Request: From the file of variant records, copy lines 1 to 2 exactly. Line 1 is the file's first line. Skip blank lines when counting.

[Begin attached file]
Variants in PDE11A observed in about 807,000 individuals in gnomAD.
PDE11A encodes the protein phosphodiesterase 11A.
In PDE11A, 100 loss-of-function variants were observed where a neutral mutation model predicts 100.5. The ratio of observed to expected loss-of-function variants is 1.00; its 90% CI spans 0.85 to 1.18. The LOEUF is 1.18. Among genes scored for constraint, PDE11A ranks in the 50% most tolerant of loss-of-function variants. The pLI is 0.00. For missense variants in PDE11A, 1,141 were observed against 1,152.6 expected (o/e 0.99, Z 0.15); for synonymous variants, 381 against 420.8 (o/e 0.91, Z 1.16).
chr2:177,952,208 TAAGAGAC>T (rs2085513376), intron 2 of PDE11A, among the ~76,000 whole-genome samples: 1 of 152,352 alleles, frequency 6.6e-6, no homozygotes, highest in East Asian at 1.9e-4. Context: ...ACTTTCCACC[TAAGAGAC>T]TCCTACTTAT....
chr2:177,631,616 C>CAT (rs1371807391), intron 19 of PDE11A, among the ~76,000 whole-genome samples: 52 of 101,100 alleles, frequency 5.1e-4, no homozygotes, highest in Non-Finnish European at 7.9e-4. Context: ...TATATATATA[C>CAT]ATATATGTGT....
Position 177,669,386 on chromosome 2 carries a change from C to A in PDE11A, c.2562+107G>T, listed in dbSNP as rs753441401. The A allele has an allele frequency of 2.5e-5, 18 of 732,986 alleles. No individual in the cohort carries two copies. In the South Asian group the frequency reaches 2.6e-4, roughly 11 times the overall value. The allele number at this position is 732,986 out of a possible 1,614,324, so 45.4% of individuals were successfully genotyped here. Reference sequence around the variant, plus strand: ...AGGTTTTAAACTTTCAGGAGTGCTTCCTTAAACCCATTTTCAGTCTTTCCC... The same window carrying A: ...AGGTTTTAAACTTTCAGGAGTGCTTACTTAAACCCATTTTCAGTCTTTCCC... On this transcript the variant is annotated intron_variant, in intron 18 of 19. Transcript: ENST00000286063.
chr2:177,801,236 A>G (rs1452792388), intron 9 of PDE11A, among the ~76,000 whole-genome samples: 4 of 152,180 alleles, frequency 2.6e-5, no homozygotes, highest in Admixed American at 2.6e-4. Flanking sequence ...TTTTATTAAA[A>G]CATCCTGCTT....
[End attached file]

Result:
Variants in PDE11A observed in about 807,000 individuals in gnomAD.
PDE11A encodes the protein phosphodiesterase 11A.